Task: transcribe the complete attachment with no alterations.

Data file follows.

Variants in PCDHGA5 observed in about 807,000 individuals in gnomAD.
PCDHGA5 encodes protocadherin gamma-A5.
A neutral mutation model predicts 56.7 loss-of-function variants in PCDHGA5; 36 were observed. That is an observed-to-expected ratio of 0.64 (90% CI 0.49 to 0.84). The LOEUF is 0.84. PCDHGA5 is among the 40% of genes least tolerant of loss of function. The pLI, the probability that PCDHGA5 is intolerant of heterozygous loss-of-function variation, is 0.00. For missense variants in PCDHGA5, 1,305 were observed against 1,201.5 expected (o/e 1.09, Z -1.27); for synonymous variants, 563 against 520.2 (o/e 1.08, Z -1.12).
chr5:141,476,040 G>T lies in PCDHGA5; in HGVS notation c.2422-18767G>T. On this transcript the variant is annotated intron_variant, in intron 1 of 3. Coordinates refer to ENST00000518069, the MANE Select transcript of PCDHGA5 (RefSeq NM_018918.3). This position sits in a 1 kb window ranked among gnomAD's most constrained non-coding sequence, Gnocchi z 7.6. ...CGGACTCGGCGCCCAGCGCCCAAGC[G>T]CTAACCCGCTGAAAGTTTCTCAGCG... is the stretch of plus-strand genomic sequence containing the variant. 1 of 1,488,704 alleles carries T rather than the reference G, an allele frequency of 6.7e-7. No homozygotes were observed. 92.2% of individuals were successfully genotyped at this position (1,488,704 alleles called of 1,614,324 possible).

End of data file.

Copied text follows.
Variants in PCDHGA5 observed in about 807,000 individuals in gnomAD.
PCDHGA5 encodes protocadherin gamma-A5.
A neutral mutation model predicts 56.7 loss-of-function variants in PCDHGA5; 36 were observed. That is an observed-to-expected ratio of 0.64 (90% CI 0.49 to 0.84). The LOEUF is 0.84. PCDHGA5 is among the 40% of genes least tolerant of loss of function. The pLI, the probability that PCDHGA5 is intolerant of heterozygous loss-of-function variation, is 0.00. For missense variants in PCDHGA5, 1,305 were observed against 1,201.5 expected (o/e 1.09, Z -1.27); for synonymous variants, 563 against 520.2 (o/e 1.08, Z -1.12).
chr5:141,476,040 G>T lies in PCDHGA5; in HGVS notation c.2422-18767G>T. On this transcript the variant is annotated intron_variant, in intron 1 of 3. Coordinates refer to ENST00000518069, the MANE Select transcript of PCDHGA5 (RefSeq NM_018918.3). This position sits in a 1 kb window ranked among gnomAD's most constrained non-coding sequence, Gnocchi z 7.6. ...CGGACTCGGCGCCCAGCGCCCAAGC[G>T]CTAACCCGCTGAAAGTTTCTCAGCG... is the stretch of plus-strand genomic sequence containing the variant. 1 of 1,488,704 alleles carries T rather than the reference G, an allele frequency of 6.7e-7. No homozygotes were observed. 92.2% of individuals were successfully genotyped at this position (1,488,704 alleles called of 1,614,324 possible).